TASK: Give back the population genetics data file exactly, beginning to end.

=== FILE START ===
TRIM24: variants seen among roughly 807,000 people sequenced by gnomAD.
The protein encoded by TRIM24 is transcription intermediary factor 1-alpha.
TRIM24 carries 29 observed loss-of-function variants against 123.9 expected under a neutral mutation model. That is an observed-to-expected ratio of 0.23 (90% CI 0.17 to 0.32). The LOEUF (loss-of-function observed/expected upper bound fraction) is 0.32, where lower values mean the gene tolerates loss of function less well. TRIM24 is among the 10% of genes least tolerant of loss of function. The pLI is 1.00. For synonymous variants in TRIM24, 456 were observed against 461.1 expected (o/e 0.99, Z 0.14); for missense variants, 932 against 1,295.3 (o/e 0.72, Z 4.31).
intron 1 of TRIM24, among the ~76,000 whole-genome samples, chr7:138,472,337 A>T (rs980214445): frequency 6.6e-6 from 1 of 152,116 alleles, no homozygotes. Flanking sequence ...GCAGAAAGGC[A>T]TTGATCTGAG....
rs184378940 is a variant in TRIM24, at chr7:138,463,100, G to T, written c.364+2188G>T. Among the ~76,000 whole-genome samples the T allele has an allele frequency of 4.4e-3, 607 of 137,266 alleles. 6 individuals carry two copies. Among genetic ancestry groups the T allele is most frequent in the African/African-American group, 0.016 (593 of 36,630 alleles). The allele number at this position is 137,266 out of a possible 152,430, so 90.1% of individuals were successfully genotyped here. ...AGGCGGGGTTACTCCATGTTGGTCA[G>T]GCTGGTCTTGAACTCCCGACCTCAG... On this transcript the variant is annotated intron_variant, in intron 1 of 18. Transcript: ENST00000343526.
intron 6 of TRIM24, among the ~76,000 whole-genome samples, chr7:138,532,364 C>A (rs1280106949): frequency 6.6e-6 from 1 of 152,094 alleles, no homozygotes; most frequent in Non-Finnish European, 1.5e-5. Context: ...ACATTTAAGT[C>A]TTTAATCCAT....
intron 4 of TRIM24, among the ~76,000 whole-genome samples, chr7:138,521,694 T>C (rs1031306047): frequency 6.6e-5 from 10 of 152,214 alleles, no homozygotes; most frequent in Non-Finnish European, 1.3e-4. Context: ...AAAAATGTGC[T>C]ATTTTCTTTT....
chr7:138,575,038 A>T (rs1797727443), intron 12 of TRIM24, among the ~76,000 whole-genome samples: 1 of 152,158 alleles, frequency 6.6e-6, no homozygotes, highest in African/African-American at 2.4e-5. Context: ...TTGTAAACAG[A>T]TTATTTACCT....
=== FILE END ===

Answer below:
TRIM24: variants seen among roughly 807,000 people sequenced by gnomAD.
The protein encoded by TRIM24 is transcription intermediary factor 1-alpha.
TRIM24 carries 29 observed loss-of-function variants against 123.9 expected under a neutral mutation model. That is an observed-to-expected ratio of 0.23 (90% CI 0.17 to 0.32). The LOEUF (loss-of-function observed/expected upper bound fraction) is 0.32, where lower values mean the gene tolerates loss of function less well. TRIM24 is among the 10% of genes least tolerant of loss of function. The pLI is 1.00. For synonymous variants in TRIM24, 456 were observed against 461.1 expected (o/e 0.99, Z 0.14); for missense variants, 932 against 1,295.3 (o/e 0.72, Z 4.31).
intron 1 of TRIM24, among the ~76,000 whole-genome samples, chr7:138,472,337 A>T (rs980214445): frequency 6.6e-6 from 1 of 152,116 alleles, no homozygotes. Flanking sequence ...GCAGAAAGGC[A>T]TTGATCTGAG....
rs184378940 is a variant in TRIM24, at chr7:138,463,100, G to T, written c.364+2188G>T. Among the ~76,000 whole-genome samples the T allele has an allele frequency of 4.4e-3, 607 of 137,266 alleles. 6 individuals carry two copies. Among genetic ancestry groups the T allele is most frequent in the African/African-American group, 0.016 (593 of 36,630 alleles). The allele number at this position is 137,266 out of a possible 152,430, so 90.1% of individuals were successfully genotyped here. ...AGGCGGGGTTACTCCATGTTGGTCA[G>T]GCTGGTCTTGAACTCCCGACCTCAG... On this transcript the variant is annotated intron_variant, in intron 1 of 18. Transcript: ENST00000343526.
intron 6 of TRIM24, among the ~76,000 whole-genome samples, chr7:138,532,364 C>A (rs1280106949): frequency 6.6e-6 from 1 of 152,094 alleles, no homozygotes; most frequent in Non-Finnish European, 1.5e-5. Context: ...ACATTTAAGT[C>A]TTTAATCCAT....
intron 4 of TRIM24, among the ~76,000 whole-genome samples, chr7:138,521,694 T>C (rs1031306047): frequency 6.6e-5 from 10 of 152,214 alleles, no homozygotes; most frequent in Non-Finnish European, 1.3e-4. Context: ...AAAAATGTGC[T>C]ATTTTCTTTT....
chr7:138,575,038 A>T (rs1797727443), intron 12 of TRIM24, among the ~76,000 whole-genome samples: 1 of 152,158 alleles, frequency 6.6e-6, no homozygotes, highest in African/African-American at 2.4e-5. Context: ...TTGTAAACAG[A>T]TTATTTACCT....